Expectations are high that Arctic shipping routes, particularly the Northern Sea Route (NSR), will rival traditional shipping routes and complement the Suez Canal route as a key waterway for trade to and from Asia by the middle of this century. How realistic are such scenarios? This report uses data from the 2013 NSR shipping season to identify and analyze traffic patterns, point out differences compared to the Suez and Panama Canals and draw conclusions about the future potential of the NSR.
The 2013 shipping season on the Northern Sea Route (NSR) commenced on June 28 when the Russian-flagged vessel Varzuga, carrying 13,658 tons of diesel, entered the NSR at Cape Zhelaniya north of Novaya Zemlya. Over the course of 154 days a total of 49 vessels transported 1.35 million tons of cargo. A further 22 vessels transited the NSR unladen carrying 507,000 tons of ballast. The shipping season concluded on November 28 when the Russian-flagged vessel Bukhta Slavyanka exited the NSR at Cape Dezhnev in the Bering Strait.
The Northern Sea Route Information Office lists 71 transits for 2013 but a closer analysis of the data shows that only 41 vessels traveled the entire length of the NSR and qualify as full transits. An additional 23 vessels either departed from or arrived at ports inside the NSR and did not fully transit it. A further seven vessels traveled exclusively within the NSR. Of the 41 ships that transited the full length only 30 carried cargo, transporting 1.19 million tons.
Oil products, including diesel, fuel oil, and naphtha, made up the lion’s share of cargo on the NSR in 2013. In total 31 vessels carried 911,000 tons of oil products representing 67 percent of all cargo. Iron ore accounted for 203,000 tons representing 15 percent of all cargo in 2013. General Cargo, also called break bulk cargo, accounted for 7.4 percent of goods on the NSR. Coal deliveries represented 5.5 percent of traffic. LNG accounted for 5 percent of all NSR traffic in 2013 and a single vessel, the Arctic Aurora, carried 66,868 tons of LNG from Hammerfest to Chiba.
The 2013 season saw two distinct peaks in shipping activity. In eastward direction, supplies for local communities, mainly oil products, and two iron ore shipments dominated the first two months of the season, July and August. Unfavorable ice conditions near Severnaya Zemlya and in the East Siberian Sea during the first half of September led to a drop in traffic before a second peak emerged at the end of the month. Westbound traffic commenced around July 15, about two weeks after eastbound transits. The first peak in shipping activity occurred between July 15 and August 15. Almost all volume carried during this time consisted of ballast. The second increase in shipping in late September and October included primarily oil products, general cargo and coal.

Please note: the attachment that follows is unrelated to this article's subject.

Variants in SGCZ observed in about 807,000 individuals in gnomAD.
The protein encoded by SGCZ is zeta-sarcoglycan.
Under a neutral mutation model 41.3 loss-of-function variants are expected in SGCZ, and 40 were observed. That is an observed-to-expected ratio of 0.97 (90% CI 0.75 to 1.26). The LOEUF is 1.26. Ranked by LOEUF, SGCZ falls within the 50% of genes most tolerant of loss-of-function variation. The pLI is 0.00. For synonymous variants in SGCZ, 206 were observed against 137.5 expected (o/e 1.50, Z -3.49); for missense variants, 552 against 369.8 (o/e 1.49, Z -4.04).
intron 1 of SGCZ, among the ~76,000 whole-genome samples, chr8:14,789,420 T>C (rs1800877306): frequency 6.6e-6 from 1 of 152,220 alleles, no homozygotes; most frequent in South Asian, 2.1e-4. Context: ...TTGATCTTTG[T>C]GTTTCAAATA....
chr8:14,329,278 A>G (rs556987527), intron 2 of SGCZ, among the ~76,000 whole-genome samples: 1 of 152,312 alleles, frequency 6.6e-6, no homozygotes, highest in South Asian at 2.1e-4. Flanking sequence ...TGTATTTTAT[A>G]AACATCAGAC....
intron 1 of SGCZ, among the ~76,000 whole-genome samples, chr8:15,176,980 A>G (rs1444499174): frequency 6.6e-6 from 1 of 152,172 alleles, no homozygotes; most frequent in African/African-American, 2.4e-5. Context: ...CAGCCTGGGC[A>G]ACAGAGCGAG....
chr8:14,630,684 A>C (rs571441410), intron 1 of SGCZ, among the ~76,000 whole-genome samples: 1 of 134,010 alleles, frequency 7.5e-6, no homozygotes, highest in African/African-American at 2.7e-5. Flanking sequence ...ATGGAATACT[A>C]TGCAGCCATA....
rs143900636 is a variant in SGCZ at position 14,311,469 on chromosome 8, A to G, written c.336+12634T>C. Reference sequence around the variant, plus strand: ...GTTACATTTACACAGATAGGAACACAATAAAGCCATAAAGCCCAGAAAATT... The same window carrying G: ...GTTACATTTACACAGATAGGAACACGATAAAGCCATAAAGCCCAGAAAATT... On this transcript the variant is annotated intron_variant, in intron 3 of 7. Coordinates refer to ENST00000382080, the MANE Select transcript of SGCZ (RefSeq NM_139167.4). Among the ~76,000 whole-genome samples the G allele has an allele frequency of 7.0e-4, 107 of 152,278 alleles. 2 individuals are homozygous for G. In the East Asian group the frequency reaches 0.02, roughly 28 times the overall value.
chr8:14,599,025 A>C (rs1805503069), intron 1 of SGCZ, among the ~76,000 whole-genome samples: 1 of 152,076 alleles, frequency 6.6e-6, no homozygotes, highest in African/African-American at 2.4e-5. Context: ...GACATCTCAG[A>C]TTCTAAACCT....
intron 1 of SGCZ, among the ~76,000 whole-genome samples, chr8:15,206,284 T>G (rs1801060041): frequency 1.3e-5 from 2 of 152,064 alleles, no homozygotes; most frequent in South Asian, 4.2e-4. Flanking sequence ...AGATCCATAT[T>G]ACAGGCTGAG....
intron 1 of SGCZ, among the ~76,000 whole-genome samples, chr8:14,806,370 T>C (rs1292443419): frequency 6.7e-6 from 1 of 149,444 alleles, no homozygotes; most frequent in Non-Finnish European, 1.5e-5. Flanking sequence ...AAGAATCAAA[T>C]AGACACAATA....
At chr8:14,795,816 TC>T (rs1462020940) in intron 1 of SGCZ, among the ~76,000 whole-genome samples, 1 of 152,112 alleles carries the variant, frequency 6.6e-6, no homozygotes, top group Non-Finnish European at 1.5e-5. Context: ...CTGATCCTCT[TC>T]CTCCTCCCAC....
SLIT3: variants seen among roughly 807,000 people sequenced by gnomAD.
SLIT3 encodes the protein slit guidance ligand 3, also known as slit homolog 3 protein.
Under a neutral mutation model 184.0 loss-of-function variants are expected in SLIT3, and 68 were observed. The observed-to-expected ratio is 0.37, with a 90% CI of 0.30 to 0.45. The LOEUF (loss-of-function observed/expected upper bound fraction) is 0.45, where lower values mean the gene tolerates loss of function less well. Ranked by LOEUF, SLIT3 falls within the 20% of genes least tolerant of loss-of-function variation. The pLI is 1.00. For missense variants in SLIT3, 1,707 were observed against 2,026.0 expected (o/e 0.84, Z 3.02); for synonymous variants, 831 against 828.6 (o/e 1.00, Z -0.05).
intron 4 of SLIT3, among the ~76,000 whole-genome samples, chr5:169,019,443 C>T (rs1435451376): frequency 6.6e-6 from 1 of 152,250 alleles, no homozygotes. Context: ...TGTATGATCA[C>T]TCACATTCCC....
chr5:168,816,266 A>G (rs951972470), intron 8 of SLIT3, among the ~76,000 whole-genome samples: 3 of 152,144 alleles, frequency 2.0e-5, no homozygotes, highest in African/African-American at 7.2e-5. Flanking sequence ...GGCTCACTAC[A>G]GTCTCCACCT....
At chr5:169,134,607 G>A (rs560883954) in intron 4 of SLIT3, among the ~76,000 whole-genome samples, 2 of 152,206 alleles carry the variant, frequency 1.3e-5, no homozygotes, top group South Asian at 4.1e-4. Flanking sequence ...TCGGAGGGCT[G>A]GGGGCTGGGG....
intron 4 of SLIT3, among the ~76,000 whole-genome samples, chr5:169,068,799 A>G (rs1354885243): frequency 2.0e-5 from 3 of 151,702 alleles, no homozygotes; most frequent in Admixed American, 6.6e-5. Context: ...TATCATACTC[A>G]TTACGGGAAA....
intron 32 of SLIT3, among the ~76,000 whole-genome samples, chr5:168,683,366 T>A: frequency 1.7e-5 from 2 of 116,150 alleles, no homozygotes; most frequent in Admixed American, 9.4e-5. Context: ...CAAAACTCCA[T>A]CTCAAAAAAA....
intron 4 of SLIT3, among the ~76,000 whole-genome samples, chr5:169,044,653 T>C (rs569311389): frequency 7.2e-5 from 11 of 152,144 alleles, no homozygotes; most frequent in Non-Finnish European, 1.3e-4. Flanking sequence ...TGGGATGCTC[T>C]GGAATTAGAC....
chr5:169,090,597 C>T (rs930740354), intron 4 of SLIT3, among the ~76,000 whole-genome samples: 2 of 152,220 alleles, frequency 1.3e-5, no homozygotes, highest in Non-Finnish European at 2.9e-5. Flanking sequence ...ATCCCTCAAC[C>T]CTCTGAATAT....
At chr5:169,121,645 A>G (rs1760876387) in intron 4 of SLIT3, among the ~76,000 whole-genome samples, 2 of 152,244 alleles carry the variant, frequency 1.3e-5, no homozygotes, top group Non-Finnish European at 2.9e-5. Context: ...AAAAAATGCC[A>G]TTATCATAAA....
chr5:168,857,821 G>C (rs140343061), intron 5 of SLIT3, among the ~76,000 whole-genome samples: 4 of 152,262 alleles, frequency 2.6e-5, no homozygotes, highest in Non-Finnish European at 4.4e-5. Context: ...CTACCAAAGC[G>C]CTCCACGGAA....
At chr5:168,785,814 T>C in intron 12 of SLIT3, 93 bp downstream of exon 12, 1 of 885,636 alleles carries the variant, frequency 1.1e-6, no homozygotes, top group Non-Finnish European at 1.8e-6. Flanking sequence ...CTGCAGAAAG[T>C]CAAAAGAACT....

The vast majority of transits, 54 of 71 journeys, originated in Russian ports and those vessels transported 705,000 tons, equal to 52 percent of all cargo. The lack of diversification, especially in terms of country of origin, is striking. The NSR is primarily utilized as a domestic supply and export route for Russia and much less as an international transportation corridor by countries in Europe or Asia. Key hubs for this regional shuttle service are Murmansk and Arkhangelsk in the west, Ob Bay in the center, and Pevek in the east. Out of 71 total transits, 43 were exclusively between Russian ports.
Traffic patterns on the NSR differ significantly between east- and westbound transits. In 2013, 40 vessels traveled eastbound carrying 895,000 tons in cargo and 6,000 tons of ballast. In contrast, the 31 westbound vessels carried 460,000 tons of cargo and 500,000 tons of ballast. The NSR exhibits a strong bias for eastbound journeys. Products, primarily natural resources, are shipped to the markets in Asia, with limited cargo shipped in the opposite direction. This imbalance in the flow of goods leads to a higher share of ships traveling the route empty and thus reduces profitability. In contrast to the Suez and Panama Canals, the NSR largely represents a one-way traffic route. After delivering cargo at ports in Europe or Asia few ships make the return voyage either with or without cargo via the NSR.
The NSR remains a niche trade route with limited numbers of true transits. The export of Arctic hydrocarbon resources, primarily from Russia, and their transport along the NSR can be expected to grow over the coming years. However, this will not establish the NSR as a true trade route but in contrast place even greater emphasis on one-directional traffic from west to east. Mr. Putin’s hope to establish the route as a northern export highway may yet be dashed by unfavorable market conditions, varying ice levels and the lack of available Russian icebreakers.